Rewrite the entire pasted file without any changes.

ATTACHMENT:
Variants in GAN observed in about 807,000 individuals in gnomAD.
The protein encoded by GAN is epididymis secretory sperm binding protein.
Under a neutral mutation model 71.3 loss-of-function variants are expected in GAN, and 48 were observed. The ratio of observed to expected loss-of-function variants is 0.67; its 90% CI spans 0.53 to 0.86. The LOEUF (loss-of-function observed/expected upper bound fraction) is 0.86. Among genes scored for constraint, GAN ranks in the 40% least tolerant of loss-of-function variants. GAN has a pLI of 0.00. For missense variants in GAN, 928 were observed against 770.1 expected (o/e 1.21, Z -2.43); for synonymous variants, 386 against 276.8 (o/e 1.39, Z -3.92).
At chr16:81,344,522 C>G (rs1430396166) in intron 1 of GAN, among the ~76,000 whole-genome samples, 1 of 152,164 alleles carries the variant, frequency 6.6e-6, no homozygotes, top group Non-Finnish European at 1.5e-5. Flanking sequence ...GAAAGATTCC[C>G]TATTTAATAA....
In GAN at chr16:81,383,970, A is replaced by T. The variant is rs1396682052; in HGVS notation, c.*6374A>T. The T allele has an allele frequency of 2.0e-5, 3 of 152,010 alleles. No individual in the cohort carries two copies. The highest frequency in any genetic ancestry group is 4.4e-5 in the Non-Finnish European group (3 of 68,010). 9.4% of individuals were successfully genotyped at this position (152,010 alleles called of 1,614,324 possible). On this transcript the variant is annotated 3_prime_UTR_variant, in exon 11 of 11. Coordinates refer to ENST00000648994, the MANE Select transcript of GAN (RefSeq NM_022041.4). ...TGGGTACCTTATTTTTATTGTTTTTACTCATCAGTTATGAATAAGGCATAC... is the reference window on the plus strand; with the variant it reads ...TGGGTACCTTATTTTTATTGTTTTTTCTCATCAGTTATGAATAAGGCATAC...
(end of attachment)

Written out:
Variants in GAN observed in about 807,000 individuals in gnomAD.
The protein encoded by GAN is epididymis secretory sperm binding protein.
Under a neutral mutation model 71.3 loss-of-function variants are expected in GAN, and 48 were observed. The ratio of observed to expected loss-of-function variants is 0.67; its 90% CI spans 0.53 to 0.86. The LOEUF (loss-of-function observed/expected upper bound fraction) is 0.86. Among genes scored for constraint, GAN ranks in the 40% least tolerant of loss-of-function variants. GAN has a pLI of 0.00. For missense variants in GAN, 928 were observed against 770.1 expected (o/e 1.21, Z -2.43); for synonymous variants, 386 against 276.8 (o/e 1.39, Z -3.92).
At chr16:81,344,522 C>G (rs1430396166) in intron 1 of GAN, among the ~76,000 whole-genome samples, 1 of 152,164 alleles carries the variant, frequency 6.6e-6, no homozygotes, top group Non-Finnish European at 1.5e-5. Flanking sequence ...GAAAGATTCC[C>G]TATTTAATAA....
In GAN at chr16:81,383,970, A is replaced by T. The variant is rs1396682052; in HGVS notation, c.*6374A>T. The T allele has an allele frequency of 2.0e-5, 3 of 152,010 alleles. No individual in the cohort carries two copies. The highest frequency in any genetic ancestry group is 4.4e-5 in the Non-Finnish European group (3 of 68,010). 9.4% of individuals were successfully genotyped at this position (152,010 alleles called of 1,614,324 possible). On this transcript the variant is annotated 3_prime_UTR_variant, in exon 11 of 11. Coordinates refer to ENST00000648994, the MANE Select transcript of GAN (RefSeq NM_022041.4). ...TGGGTACCTTATTTTTATTGTTTTTACTCATCAGTTATGAATAAGGCATAC... is the reference window on the plus strand; with the variant it reads ...TGGGTACCTTATTTTTATTGTTTTTTCTCATCAGTTATGAATAAGGCATAC...